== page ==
Similarly, you can only apply for mental health crisis breathing space with the support of an Approved Mental Health Practitioner (AMHP). They will need to complete an official evidence form on your behalf submitted to a debt adviser which shows you’re currently receiving mental health crisis treatment. You can get in touch with an AMHP by speaking to one of your healthcare professionals.
What debts can and can’t be included in breathing space?
You will be able to include most of your debts in breathing space and when applying it’s important that you mention all of your eligible debts. This includes all personal debts and liabilities except for secured debts as well as any arrears on debts that already existed at the time of applying. Secured debts refers to when you borrow money, normally £10,000 or more, against assets you already own such as your home or car.
Debts that are likely to qualify for the statutory breathing space scheme include:
• Credit cards
• Store cards
• Personal loans
Similar to bankruptcy and other formal debt solutions, there are some debts that you can’t include in breathing space such as:
• Student loans
• Fraudulent debts
• Magistrates’ court fines
• Mortgages or car finance (unless you’ve fallen into arrears)
• Advance payments of Universal Credit
If you forget to mention any eligible debts when applying for statutory breathing space, these can be added at a later date. Any debts added afterwards will only be protected from the date added for the remaining time of your scheme. If you’ve got joint debts that are eligible, then these will also be included.
How often can you enter the breathing space schemes (statutory and mental health crisis)?
For the standard statutory breathing space, you can only enter once every rolling 12 months.
This is different when it comes to the Mental Health Crisis Breathing Space which you can enter an unlimited number of times. The only requirement is that you must be receiving mental health crisis treatment when applying.
You can also be in a mental health crisis breathing space along with the additional 30 days then go straight into the statutory breathing space.
Does breathing space show on a credit report (statutory and mental health crisis)?
No, credit reference agencies won’t be aware that you’re on a breathing space scheme, and this won’t be shown or have a direct impact on your credit report. Creditors will continue as normal when reporting any missed payments to credit reference agencies which could have an impact on future borrowing.
Ways the Debt Respite Scheme can offer protection
The purpose of the Debt Respite Scheme is to provide you with short-term legal protection from your creditors whilst you look into more long-term solutions. Besides having your payments temporarily paused, there are other ways you can be protected.
Does the breathing space scheme stop bailiffs (statutory and mental health crisis)?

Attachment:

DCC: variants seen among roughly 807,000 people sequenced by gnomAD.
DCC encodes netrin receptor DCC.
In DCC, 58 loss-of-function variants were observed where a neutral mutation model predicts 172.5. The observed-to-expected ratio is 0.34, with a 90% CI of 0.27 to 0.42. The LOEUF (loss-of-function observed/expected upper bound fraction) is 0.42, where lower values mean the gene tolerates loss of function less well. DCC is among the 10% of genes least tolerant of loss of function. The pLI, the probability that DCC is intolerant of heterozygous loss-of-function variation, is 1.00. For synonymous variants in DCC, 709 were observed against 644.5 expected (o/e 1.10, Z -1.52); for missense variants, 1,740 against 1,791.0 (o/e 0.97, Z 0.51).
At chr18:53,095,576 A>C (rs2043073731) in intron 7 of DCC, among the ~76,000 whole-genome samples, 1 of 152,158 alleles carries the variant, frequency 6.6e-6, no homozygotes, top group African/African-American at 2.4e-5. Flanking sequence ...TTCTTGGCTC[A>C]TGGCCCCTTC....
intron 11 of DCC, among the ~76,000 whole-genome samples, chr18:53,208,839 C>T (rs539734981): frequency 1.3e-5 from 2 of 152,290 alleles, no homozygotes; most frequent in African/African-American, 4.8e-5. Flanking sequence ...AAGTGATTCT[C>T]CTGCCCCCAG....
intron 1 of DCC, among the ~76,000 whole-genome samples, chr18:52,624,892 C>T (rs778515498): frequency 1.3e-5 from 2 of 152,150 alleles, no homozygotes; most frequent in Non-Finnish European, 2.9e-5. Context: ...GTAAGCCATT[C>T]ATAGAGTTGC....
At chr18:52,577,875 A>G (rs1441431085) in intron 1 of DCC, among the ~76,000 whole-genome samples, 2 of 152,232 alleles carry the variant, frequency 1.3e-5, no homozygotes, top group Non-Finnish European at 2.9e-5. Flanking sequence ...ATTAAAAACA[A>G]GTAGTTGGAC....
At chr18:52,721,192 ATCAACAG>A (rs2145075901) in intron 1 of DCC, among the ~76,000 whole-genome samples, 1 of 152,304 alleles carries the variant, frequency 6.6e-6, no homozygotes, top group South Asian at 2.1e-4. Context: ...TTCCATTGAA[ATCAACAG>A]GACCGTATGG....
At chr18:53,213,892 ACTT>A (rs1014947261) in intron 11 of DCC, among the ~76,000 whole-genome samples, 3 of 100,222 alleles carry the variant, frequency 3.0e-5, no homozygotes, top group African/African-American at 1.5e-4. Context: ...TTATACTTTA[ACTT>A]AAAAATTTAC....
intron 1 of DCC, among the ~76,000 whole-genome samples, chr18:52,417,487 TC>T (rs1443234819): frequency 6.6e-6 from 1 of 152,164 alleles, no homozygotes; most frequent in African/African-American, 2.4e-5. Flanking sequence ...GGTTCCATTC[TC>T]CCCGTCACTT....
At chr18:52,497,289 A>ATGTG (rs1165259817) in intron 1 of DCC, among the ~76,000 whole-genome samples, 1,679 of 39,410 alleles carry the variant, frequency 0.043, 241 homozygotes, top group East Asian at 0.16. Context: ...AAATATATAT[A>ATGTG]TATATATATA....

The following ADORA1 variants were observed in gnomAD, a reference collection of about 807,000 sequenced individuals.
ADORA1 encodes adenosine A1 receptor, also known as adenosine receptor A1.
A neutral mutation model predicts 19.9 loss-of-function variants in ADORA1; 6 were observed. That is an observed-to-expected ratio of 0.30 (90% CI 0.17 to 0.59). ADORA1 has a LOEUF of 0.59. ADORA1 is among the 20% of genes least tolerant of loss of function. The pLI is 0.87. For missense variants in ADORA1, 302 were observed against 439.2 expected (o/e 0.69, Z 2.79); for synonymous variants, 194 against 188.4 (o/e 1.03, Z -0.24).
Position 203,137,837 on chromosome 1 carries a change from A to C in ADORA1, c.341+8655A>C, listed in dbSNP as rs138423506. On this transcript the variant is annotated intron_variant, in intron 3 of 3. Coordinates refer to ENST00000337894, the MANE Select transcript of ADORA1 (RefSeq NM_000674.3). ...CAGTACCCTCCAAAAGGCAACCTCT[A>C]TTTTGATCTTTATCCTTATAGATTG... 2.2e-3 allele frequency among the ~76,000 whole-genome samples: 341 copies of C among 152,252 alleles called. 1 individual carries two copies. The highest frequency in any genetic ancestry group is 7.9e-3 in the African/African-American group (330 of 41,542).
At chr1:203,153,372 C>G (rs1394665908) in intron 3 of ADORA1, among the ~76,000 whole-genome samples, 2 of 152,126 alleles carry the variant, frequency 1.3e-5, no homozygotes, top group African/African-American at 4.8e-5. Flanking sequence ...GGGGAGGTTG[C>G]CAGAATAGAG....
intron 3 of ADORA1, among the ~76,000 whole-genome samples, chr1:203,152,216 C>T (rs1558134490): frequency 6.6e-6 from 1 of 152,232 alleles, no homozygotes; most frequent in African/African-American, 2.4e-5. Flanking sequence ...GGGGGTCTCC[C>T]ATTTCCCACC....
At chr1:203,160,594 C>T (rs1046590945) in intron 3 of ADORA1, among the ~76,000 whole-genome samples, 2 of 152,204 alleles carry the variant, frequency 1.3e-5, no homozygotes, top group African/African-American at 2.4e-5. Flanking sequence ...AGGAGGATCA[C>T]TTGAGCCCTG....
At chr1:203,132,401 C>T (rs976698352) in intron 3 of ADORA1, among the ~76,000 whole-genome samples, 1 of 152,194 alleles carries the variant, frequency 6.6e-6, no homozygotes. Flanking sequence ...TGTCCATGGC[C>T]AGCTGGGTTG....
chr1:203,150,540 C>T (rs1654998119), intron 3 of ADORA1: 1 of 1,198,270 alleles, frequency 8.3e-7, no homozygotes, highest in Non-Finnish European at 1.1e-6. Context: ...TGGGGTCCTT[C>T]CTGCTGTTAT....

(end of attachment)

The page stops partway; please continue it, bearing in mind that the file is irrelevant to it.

Yes, once you have the breathing space scheme in place this will protect you from bailiff action being taken.
Bailiffs can also be referred to as enforcement agents or County Court bailiffs. They have the legal power to do so either by seeking payment or through the sale of goods.
Bailiff action can’t be started against you whilst you’re in the statutory breathing space scheme nor are they allowed to try to take control of your belongings. However, if you’ve already had goods taken prior, then they can still sell these, but they can’t charge you for any storage costs.
If you’re still curious about what bailiffs can and can’t do outside of breathing space, you can read our guide on how to deal with bailiffs for more information.
Can breathing space prevent court action (statutory and mental health crisis)?
A creditor won’t be able to start court action against you under breathing space regulations. They also can’t take further enforcement action to try and recover money even if they began to do so prior to you entering the scheme. For more information on this, you can read National Debtline’s factsheet on breathing space.
Can breathing space protect your home (statutory and mental health crisis)?
It’s important to remember that breathing space doesn’t pause any payments relating to your property and you will still have to pay any of your normal mortgage or rent costs, also known as your ongoing liabilities. However, it can offer protection for your home in other ways.
If you’re renting your home, a landlord usually won’t be able to try and take action to evict you for rent arrears. Alternatively, if you’ve bought your home, mortgage lenders typically can’t try and repossess your home.
What happens after breathing space (statutory and mental health crisis)?
Once your statutory or mental health crisis breathing space period is over, any protections will be lifted. As you’ll have been working with an advice agency to figure out your next steps, your creditors will start contacting you again. They can also resume or start legal proceedings and add any interest, fees, or charges to your debts.
That’s why, during this time, it’s important to seek guidance from a debt adviser to find a longer-term solution once your statutory breathing space has ended.
If you need space from your Lowell debt, we’re here to help
If you’ve got a debt with Lowell and are struggling to make your payments, please get in touch with us. Our team are always there to listen and see how we can work with you so that you can continue on your journey to becoming debt-free with Lowell.
This may include pausing your account so that you can take some time to sort out your finances and seek debt guidance. Whilst we can’t offer advice ourselves, we’re more than happy to put you in touch with someone who can.
First published: 29th September, 2023